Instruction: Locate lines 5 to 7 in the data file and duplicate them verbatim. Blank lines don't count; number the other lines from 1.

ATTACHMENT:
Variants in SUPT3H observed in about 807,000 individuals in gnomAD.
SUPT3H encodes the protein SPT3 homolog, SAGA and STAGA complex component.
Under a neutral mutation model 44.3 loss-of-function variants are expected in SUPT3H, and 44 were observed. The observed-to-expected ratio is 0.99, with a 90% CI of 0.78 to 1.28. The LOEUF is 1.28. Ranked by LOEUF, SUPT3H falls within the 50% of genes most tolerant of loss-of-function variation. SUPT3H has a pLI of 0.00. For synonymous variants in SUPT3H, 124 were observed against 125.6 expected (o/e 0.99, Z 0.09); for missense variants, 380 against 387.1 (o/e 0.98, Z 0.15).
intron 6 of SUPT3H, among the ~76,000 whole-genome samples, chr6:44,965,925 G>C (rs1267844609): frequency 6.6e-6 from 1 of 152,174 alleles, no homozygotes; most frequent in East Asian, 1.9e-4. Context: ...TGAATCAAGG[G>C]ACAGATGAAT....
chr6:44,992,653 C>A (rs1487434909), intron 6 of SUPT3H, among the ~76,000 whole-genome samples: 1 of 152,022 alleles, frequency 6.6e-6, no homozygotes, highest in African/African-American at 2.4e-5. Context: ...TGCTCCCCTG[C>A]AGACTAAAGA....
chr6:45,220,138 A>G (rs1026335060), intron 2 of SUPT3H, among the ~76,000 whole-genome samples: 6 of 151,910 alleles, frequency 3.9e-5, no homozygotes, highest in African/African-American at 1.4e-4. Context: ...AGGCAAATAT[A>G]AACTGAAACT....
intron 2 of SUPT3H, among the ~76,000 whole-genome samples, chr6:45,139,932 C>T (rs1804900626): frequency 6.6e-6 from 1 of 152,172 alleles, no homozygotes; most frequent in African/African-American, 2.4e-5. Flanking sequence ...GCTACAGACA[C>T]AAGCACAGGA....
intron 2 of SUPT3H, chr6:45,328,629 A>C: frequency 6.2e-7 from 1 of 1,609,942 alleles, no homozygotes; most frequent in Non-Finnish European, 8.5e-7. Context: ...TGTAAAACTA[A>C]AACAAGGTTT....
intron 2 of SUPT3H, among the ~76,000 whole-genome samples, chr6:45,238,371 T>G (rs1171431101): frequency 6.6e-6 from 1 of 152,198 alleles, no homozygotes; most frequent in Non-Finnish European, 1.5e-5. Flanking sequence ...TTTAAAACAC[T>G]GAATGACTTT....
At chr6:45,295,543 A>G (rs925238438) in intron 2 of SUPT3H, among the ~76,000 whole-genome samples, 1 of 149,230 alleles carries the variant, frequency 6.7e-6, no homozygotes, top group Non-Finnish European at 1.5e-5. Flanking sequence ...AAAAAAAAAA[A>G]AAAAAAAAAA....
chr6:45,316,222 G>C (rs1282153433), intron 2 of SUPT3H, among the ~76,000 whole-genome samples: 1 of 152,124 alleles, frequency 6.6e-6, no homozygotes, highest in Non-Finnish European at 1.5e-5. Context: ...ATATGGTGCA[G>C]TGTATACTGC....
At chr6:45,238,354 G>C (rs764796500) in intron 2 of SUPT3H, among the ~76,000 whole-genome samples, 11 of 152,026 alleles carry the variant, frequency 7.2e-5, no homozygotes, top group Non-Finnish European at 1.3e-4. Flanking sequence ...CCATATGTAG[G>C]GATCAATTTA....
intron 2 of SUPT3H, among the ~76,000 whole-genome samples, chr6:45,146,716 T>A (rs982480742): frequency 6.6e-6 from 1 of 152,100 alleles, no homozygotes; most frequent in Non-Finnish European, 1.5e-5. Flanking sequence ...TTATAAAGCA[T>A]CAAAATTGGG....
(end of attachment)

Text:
chr6:44,992,653 C>A (rs1487434909), intron 6 of SUPT3H, among the ~76,000 whole-genome samples: 1 of 152,022 alleles, frequency 6.6e-6, no homozygotes, highest in African/African-American at 2.4e-5. Context: ...TGCTCCCCTG[C>A]AGACTAAAGA....
chr6:45,220,138 A>G (rs1026335060), intron 2 of SUPT3H, among the ~76,000 whole-genome samples: 6 of 151,910 alleles, frequency 3.9e-5, no homozygotes, highest in African/African-American at 1.4e-4. Context: ...AGGCAAATAT[A>G]AACTGAAACT....
intron 2 of SUPT3H, among the ~76,000 whole-genome samples, chr6:45,139,932 C>T (rs1804900626): frequency 6.6e-6 from 1 of 152,172 alleles, no homozygotes; most frequent in African/African-American, 2.4e-5. Flanking sequence ...GCTACAGACA[C>T]AAGCACAGGA....